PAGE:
Go to any African tech conference and the usual refrain when entrepreneurs are asked what governments can do to help them succeed is “Stand aside!” “.
But is this way of thinking becoming a little outdated, especially as a number of African governments show signs of willingness and ability to engage with local tech ecosystems?
Certainly, startups don’t need their leaders to be “an obstacle”, but are there things governments can do to ensure they offer more to entrepreneurs than just guarantees not to bother them?
We think so! Here are some suggestions and examples of ways African governments are already working to boost local tech ecosystems.
Get out of the way!
Let’s tackle this one right away: the African techpreneur’s conference call. Yes, African governments have a history of hindering rather than helping the entrepreneurial community, and while that reputation has changed somewhat, excessive regulation, such as taxes on mobile money and social media in some countries, keeps this topic relevant. If governments tend to overtax and block innovation, they should indeed step aside.
If governments are to regulate, they must do so in a positive way. There is a trend towards governments introducing startup-friendly legislation, initiated by Tunisia and currently replicated in no less than 10 other African countries. Startup Acts, established through collaborations with local startup ecosystems themselves, could go a long way toward removing bottlenecks that have hindered growth.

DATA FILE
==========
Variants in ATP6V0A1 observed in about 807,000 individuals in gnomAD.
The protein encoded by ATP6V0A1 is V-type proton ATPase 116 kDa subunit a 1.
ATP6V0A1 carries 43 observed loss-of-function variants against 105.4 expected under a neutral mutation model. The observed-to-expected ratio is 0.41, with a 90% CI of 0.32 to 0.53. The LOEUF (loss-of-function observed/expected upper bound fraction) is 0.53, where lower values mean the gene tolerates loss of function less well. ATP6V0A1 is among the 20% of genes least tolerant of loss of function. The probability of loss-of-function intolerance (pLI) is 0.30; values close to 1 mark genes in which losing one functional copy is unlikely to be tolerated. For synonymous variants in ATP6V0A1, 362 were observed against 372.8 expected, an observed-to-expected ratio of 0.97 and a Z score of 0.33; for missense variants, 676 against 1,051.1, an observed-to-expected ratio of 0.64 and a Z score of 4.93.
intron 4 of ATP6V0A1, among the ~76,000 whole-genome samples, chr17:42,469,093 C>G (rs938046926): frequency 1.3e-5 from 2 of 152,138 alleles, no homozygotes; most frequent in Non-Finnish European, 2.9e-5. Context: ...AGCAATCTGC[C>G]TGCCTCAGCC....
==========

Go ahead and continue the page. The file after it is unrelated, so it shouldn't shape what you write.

In addition to regulating favorably, governments can also take a more active role in supporting startups. This is slowly but surely being seen across the continent, with, for example, Egypt launches startup incubator, Nigeria deploys several hubsAnd Rwanda provides infrastructure for startup growth. Some initiatives have not been as successful, such as Enterprise Kenya project much announced but totally without impactbut there is growing evidence that African governments are providing the rails for local startups.
The next step from facilitation is to offer direct funding to African startups, and although this is less common, more and more governments are investing in the technology sector. The Senegalese government injected US$2 million into 40 local tech startups last yearNigeria organized a fundraising initiativeAnd Egypt launches fintech fund. South Africa is leading the way, with initiatives like SME Fund SA and the Project Development Partnership (PDP) Fund. We will likely see more direct investment in startups from governments – or at least government-funded initiatives – in the years to come.
The road less traveled is that of governments become customers technology startups. Speaking at the NetProphet event in Cape Town in 2016, project founder Isizwe Alan Knott-Craig Jr hailed gov-tech – startups providing solutions to African governments – as a lucrative marketbut although his organization certainly worked well in the city of Tshwane, his example was not often followed. Nigeria’s SpacePointe And AhadooTec from Ethiopia are two African startups that have successfully secured government contracts, but in general, startups struggle to provide these services due to procurement and interoperability issues. Still, governments would benefit from partnering with startups in the same way as businesses across Africa, and it would be good to see tender processes become easier and borders lowered so that more startups can win government contracts.